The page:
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You're at the development home for the Graphical Analysis of Variance using ggplot2 (granovaGG) package for R! Click here for instructions on installing granovaGG.

How can I install the development version of granovaGG on my system?

This one's easy. Just see our lovely installation instructions.

What does this package do?

The package granovaGG is designed to produce statistical graphics driven by the fundamental questions of analysis of variance. The graphics granovaGG creates can offer far more visual information than a traditional tabular model summary or significance test. For an example of how granovaGG can enhance analysis, see Pruzek and Helmreich (2009).

Isn't there already a granova package on CRAN?


So what's the difference between granova and granovaGG?

There are several, actually.

First, the current version of granova on CRAN uses R's base graphics to produce plots. granovaGG, on the other hand, uses an R package called ggplot2, which offers a much greater degree of expressiveness and extensibility.

Second, 3-D functionality for creating an elemental graphic for 2-way ANOVA is only in granova; granovaGG doesn't have it.

In short, granovaGG offers ggplot2-based versions of three of the four core functions in granova:

  • granova.1w
  • granova.contr
  • granova.ds

Do I have to choose between granova and granovaGG?

Absolutely not. You can have your granova cake with granovaGG icing!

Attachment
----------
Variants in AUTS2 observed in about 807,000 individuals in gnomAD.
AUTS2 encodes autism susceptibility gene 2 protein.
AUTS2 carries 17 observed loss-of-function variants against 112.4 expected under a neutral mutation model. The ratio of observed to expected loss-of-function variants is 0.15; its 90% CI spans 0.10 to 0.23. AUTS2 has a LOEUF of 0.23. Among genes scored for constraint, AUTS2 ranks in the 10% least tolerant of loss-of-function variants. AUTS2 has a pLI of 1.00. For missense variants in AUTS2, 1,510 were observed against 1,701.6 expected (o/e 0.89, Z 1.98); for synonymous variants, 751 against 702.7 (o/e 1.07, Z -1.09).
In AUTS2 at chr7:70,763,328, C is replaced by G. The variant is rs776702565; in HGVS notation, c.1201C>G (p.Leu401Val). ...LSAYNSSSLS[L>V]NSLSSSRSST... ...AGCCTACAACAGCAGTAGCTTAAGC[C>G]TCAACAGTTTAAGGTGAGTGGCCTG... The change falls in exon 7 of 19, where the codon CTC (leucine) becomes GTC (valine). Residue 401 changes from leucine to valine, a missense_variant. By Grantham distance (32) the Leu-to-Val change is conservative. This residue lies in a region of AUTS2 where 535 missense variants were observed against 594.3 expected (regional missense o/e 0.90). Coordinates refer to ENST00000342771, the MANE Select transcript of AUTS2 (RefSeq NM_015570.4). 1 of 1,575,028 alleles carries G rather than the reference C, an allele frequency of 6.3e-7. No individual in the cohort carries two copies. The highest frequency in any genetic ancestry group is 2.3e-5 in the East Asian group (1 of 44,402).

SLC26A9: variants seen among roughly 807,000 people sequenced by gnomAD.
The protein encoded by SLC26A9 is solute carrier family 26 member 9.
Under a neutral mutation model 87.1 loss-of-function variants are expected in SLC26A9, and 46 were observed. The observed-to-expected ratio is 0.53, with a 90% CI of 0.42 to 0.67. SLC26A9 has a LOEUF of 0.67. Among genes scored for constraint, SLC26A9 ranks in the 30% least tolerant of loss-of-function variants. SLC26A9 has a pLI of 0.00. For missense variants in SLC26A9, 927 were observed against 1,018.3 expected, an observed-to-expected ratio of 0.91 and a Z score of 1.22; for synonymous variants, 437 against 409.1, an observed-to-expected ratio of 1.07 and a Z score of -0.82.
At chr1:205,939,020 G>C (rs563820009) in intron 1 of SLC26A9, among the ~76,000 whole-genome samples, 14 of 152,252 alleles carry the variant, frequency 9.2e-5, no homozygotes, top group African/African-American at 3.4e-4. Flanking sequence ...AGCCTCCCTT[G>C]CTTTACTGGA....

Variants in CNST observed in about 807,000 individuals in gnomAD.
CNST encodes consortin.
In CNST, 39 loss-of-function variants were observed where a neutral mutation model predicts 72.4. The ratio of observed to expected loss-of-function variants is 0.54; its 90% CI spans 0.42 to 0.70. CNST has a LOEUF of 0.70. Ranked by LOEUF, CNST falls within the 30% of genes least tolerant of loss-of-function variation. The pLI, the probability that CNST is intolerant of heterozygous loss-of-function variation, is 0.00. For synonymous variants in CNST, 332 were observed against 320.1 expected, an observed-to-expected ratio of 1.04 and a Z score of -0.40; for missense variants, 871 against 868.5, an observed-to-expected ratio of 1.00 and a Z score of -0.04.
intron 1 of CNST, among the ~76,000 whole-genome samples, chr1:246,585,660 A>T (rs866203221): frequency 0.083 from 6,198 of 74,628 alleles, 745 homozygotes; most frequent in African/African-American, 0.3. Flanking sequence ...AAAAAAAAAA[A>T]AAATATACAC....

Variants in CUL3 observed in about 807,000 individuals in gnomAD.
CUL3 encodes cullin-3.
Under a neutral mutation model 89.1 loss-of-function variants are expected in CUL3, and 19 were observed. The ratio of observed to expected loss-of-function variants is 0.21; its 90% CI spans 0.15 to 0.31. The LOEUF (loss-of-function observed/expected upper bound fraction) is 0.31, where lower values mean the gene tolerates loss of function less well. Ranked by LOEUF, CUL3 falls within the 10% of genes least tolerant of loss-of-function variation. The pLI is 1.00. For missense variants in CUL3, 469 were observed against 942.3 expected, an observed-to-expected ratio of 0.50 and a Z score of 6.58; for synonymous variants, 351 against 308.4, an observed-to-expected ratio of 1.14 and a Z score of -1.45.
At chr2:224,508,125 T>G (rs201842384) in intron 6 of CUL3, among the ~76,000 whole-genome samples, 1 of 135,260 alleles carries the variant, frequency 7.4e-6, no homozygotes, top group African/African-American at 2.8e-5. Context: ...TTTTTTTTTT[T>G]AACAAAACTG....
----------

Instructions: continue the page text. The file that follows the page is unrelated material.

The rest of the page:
The packages are currently designed to work side-by-side, which means you can load them both and get the most out of their respective strengths.

And, if you already have legacy granova code but would like to use the new ggplot2-based functions in granovaGG, the transition is easy: just add two letters to your function call.

So, suppose you have some code that uses three classic functions:

granova.contr(arousal, contrasts = contrasts22)
granova.1w(poison$SurvTime, group = poison$Group, ylab = "Survival Time")

You can pipe the same code through granovaGG adding a "gg" after the "granova" part of the function call:

granovagg.contr(arousal, contrasts = contrasts22)
granovagg.1w(poison$SurvTime, group = poison$Group, ylab = "Survival Time")

Can I see what some sample graphics look like?

Absolutely. To see examples of granovaGG output, check out:

  1. A presentation Brian Danielak gave at the DC UseR group in February, 2011.
  2. A presentation on some of the latest updates to granovagg.1w and granovagg.contr
  3. A blog post by William E. J. Doane describing the Dependent Sample plots.

How can I provide feedback?


Bob Pruzek and Jim Helmreich's implementation of Elemental Graphics for Analysis of Variance




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